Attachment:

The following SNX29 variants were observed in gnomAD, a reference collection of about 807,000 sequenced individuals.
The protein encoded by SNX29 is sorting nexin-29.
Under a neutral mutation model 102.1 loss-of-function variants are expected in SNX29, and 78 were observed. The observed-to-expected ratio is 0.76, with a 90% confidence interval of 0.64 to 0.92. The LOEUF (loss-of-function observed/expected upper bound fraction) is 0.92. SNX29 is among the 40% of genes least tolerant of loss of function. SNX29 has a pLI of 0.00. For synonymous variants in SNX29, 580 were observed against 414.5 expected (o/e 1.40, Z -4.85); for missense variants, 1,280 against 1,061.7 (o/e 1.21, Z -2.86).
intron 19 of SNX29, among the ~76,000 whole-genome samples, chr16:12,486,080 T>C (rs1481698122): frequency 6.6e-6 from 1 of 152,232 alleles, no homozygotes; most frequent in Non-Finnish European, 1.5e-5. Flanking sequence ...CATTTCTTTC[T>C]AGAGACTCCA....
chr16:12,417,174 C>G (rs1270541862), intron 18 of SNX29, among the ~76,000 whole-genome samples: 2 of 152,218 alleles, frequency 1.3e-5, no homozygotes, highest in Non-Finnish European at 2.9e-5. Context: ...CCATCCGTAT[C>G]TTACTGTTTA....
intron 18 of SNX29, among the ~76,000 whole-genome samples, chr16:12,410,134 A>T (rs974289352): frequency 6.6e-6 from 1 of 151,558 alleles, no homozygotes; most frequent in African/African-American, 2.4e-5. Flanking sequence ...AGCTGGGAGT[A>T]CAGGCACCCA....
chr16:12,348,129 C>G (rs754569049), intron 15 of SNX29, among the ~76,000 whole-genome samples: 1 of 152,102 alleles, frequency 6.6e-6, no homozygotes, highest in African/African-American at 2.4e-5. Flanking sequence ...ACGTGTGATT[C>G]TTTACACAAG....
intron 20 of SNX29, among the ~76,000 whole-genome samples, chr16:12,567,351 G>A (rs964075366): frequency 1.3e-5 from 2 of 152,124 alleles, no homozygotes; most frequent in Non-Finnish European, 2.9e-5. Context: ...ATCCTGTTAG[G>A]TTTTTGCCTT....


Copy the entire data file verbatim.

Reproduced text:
The following SNX29 variants were observed in gnomAD, a reference collection of about 807,000 sequenced individuals.
The protein encoded by SNX29 is sorting nexin-29.
Under a neutral mutation model 102.1 loss-of-function variants are expected in SNX29, and 78 were observed. The observed-to-expected ratio is 0.76, with a 90% confidence interval of 0.64 to 0.92. The LOEUF (loss-of-function observed/expected upper bound fraction) is 0.92. SNX29 is among the 40% of genes least tolerant of loss of function. SNX29 has a pLI of 0.00. For synonymous variants in SNX29, 580 were observed against 414.5 expected (o/e 1.40, Z -4.85); for missense variants, 1,280 against 1,061.7 (o/e 1.21, Z -2.86).
intron 19 of SNX29, among the ~76,000 whole-genome samples, chr16:12,486,080 T>C (rs1481698122): frequency 6.6e-6 from 1 of 152,232 alleles, no homozygotes; most frequent in Non-Finnish European, 1.5e-5. Flanking sequence ...CATTTCTTTC[T>C]AGAGACTCCA....
chr16:12,417,174 C>G (rs1270541862), intron 18 of SNX29, among the ~76,000 whole-genome samples: 2 of 152,218 alleles, frequency 1.3e-5, no homozygotes, highest in Non-Finnish European at 2.9e-5. Context: ...CCATCCGTAT[C>G]TTACTGTTTA....
intron 18 of SNX29, among the ~76,000 whole-genome samples, chr16:12,410,134 A>T (rs974289352): frequency 6.6e-6 from 1 of 151,558 alleles, no homozygotes; most frequent in African/African-American, 2.4e-5. Flanking sequence ...AGCTGGGAGT[A>T]CAGGCACCCA....
chr16:12,348,129 C>G (rs754569049), intron 15 of SNX29, among the ~76,000 whole-genome samples: 1 of 152,102 alleles, frequency 6.6e-6, no homozygotes, highest in African/African-American at 2.4e-5. Flanking sequence ...ACGTGTGATT[C>G]TTTACACAAG....
intron 20 of SNX29, among the ~76,000 whole-genome samples, chr16:12,567,351 G>A (rs964075366): frequency 1.3e-5 from 2 of 152,124 alleles, no homozygotes; most frequent in Non-Finnish European, 2.9e-5. Context: ...ATCCTGTTAG[G>A]TTTTTGCCTT....